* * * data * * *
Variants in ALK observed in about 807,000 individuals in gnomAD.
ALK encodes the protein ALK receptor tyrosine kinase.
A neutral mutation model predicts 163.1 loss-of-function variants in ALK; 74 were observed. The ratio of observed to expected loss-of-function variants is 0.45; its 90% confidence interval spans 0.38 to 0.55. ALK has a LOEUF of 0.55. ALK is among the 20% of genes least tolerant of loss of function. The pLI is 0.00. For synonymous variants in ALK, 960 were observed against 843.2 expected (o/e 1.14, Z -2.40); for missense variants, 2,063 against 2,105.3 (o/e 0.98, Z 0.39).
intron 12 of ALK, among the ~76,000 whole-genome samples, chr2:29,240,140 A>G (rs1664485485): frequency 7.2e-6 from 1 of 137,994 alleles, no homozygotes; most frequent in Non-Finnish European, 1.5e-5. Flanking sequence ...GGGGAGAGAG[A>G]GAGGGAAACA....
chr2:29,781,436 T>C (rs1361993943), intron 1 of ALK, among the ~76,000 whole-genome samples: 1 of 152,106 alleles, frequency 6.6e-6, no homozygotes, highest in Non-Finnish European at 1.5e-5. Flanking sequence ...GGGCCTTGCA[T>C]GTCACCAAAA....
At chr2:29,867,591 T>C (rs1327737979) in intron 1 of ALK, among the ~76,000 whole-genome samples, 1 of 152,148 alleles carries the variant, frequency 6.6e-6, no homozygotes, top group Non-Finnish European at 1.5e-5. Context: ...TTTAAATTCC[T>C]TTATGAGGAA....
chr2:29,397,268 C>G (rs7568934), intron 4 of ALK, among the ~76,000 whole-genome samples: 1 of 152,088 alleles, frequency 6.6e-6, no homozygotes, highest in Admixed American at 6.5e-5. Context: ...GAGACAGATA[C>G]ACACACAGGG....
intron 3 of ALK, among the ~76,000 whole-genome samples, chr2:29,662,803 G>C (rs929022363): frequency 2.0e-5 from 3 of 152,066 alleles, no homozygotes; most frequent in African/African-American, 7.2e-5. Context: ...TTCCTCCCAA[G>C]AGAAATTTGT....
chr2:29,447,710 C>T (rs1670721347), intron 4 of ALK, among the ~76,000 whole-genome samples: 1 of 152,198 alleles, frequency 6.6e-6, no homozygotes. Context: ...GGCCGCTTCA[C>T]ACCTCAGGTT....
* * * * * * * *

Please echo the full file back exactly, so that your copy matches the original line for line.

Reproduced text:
Variants in ALK observed in about 807,000 individuals in gnomAD.
ALK encodes the protein ALK receptor tyrosine kinase.
A neutral mutation model predicts 163.1 loss-of-function variants in ALK; 74 were observed. The ratio of observed to expected loss-of-function variants is 0.45; its 90% confidence interval spans 0.38 to 0.55. ALK has a LOEUF of 0.55. ALK is among the 20% of genes least tolerant of loss of function. The pLI is 0.00. For synonymous variants in ALK, 960 were observed against 843.2 expected (o/e 1.14, Z -2.40); for missense variants, 2,063 against 2,105.3 (o/e 0.98, Z 0.39).
intron 12 of ALK, among the ~76,000 whole-genome samples, chr2:29,240,140 A>G (rs1664485485): frequency 7.2e-6 from 1 of 137,994 alleles, no homozygotes; most frequent in Non-Finnish European, 1.5e-5. Flanking sequence ...GGGGAGAGAG[A>G]GAGGGAAACA....
chr2:29,781,436 T>C (rs1361993943), intron 1 of ALK, among the ~76,000 whole-genome samples: 1 of 152,106 alleles, frequency 6.6e-6, no homozygotes, highest in Non-Finnish European at 1.5e-5. Flanking sequence ...GGGCCTTGCA[T>C]GTCACCAAAA....
At chr2:29,867,591 T>C (rs1327737979) in intron 1 of ALK, among the ~76,000 whole-genome samples, 1 of 152,148 alleles carries the variant, frequency 6.6e-6, no homozygotes, top group Non-Finnish European at 1.5e-5. Context: ...TTTAAATTCC[T>C]TTATGAGGAA....
chr2:29,397,268 C>G (rs7568934), intron 4 of ALK, among the ~76,000 whole-genome samples: 1 of 152,088 alleles, frequency 6.6e-6, no homozygotes, highest in Admixed American at 6.5e-5. Context: ...GAGACAGATA[C>G]ACACACAGGG....
intron 3 of ALK, among the ~76,000 whole-genome samples, chr2:29,662,803 G>C (rs929022363): frequency 2.0e-5 from 3 of 152,066 alleles, no homozygotes; most frequent in African/African-American, 7.2e-5. Context: ...TTCCTCCCAA[G>C]AGAAATTTGT....
chr2:29,447,710 C>T (rs1670721347), intron 4 of ALK, among the ~76,000 whole-genome samples: 1 of 152,198 alleles, frequency 6.6e-6, no homozygotes. Context: ...GGCCGCTTCA[C>T]ACCTCAGGTT....